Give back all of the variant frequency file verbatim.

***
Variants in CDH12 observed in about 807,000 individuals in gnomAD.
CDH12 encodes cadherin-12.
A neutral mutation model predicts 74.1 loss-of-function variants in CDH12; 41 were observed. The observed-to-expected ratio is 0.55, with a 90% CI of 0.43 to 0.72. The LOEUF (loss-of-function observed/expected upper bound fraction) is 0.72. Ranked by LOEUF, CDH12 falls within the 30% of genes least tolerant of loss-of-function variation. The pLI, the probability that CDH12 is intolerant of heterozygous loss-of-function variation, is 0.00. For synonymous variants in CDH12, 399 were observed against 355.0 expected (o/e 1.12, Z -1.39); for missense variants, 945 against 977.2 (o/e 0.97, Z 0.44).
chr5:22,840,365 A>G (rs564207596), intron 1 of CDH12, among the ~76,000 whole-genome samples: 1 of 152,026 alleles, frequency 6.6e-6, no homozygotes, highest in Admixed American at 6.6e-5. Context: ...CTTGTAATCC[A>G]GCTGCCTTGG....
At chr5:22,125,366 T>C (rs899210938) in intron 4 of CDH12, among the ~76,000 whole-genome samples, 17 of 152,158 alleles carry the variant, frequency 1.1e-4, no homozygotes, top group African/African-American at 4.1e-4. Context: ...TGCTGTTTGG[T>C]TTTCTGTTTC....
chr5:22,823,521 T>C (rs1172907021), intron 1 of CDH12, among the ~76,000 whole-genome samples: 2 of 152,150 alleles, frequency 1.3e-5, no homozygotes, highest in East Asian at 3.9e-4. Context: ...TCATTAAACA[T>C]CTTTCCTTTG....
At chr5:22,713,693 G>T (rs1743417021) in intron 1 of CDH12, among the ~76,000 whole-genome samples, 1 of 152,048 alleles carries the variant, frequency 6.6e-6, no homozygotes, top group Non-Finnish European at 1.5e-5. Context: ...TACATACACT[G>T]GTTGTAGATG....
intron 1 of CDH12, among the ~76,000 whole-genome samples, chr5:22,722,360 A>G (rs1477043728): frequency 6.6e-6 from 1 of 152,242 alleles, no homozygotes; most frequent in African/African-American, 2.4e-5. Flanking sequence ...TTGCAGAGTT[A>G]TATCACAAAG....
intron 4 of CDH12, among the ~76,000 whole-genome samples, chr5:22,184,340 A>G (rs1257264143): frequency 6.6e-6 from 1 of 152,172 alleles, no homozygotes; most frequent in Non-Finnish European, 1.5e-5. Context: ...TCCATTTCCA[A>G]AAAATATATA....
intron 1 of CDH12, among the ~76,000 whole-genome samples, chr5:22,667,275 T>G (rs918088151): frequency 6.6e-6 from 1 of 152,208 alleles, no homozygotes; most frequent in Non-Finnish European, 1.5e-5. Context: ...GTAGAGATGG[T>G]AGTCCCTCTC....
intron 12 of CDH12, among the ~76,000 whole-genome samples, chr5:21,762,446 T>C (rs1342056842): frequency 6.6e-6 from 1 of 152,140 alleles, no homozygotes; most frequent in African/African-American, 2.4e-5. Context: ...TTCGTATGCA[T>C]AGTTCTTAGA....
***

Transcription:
Variants in CDH12 observed in about 807,000 individuals in gnomAD.
CDH12 encodes cadherin-12.
A neutral mutation model predicts 74.1 loss-of-function variants in CDH12; 41 were observed. The observed-to-expected ratio is 0.55, with a 90% CI of 0.43 to 0.72. The LOEUF (loss-of-function observed/expected upper bound fraction) is 0.72. Ranked by LOEUF, CDH12 falls within the 30% of genes least tolerant of loss-of-function variation. The pLI, the probability that CDH12 is intolerant of heterozygous loss-of-function variation, is 0.00. For synonymous variants in CDH12, 399 were observed against 355.0 expected (o/e 1.12, Z -1.39); for missense variants, 945 against 977.2 (o/e 0.97, Z 0.44).
chr5:22,840,365 A>G (rs564207596), intron 1 of CDH12, among the ~76,000 whole-genome samples: 1 of 152,026 alleles, frequency 6.6e-6, no homozygotes, highest in Admixed American at 6.6e-5. Context: ...CTTGTAATCC[A>G]GCTGCCTTGG....
At chr5:22,125,366 T>C (rs899210938) in intron 4 of CDH12, among the ~76,000 whole-genome samples, 17 of 152,158 alleles carry the variant, frequency 1.1e-4, no homozygotes, top group African/African-American at 4.1e-4. Context: ...TGCTGTTTGG[T>C]TTTCTGTTTC....
chr5:22,823,521 T>C (rs1172907021), intron 1 of CDH12, among the ~76,000 whole-genome samples: 2 of 152,150 alleles, frequency 1.3e-5, no homozygotes, highest in East Asian at 3.9e-4. Context: ...TCATTAAACA[T>C]CTTTCCTTTG....
At chr5:22,713,693 G>T (rs1743417021) in intron 1 of CDH12, among the ~76,000 whole-genome samples, 1 of 152,048 alleles carries the variant, frequency 6.6e-6, no homozygotes, top group Non-Finnish European at 1.5e-5. Context: ...TACATACACT[G>T]GTTGTAGATG....
intron 1 of CDH12, among the ~76,000 whole-genome samples, chr5:22,722,360 A>G (rs1477043728): frequency 6.6e-6 from 1 of 152,242 alleles, no homozygotes; most frequent in African/African-American, 2.4e-5. Flanking sequence ...TTGCAGAGTT[A>G]TATCACAAAG....
intron 4 of CDH12, among the ~76,000 whole-genome samples, chr5:22,184,340 A>G (rs1257264143): frequency 6.6e-6 from 1 of 152,172 alleles, no homozygotes; most frequent in Non-Finnish European, 1.5e-5. Context: ...TCCATTTCCA[A>G]AAAATATATA....
intron 1 of CDH12, among the ~76,000 whole-genome samples, chr5:22,667,275 T>G (rs918088151): frequency 6.6e-6 from 1 of 152,208 alleles, no homozygotes; most frequent in Non-Finnish European, 1.5e-5. Context: ...GTAGAGATGG[T>G]AGTCCCTCTC....
intron 12 of CDH12, among the ~76,000 whole-genome samples, chr5:21,762,446 T>C (rs1342056842): frequency 6.6e-6 from 1 of 152,140 alleles, no homozygotes; most frequent in African/African-American, 2.4e-5. Context: ...TTCGTATGCA[T>C]AGTTCTTAGA....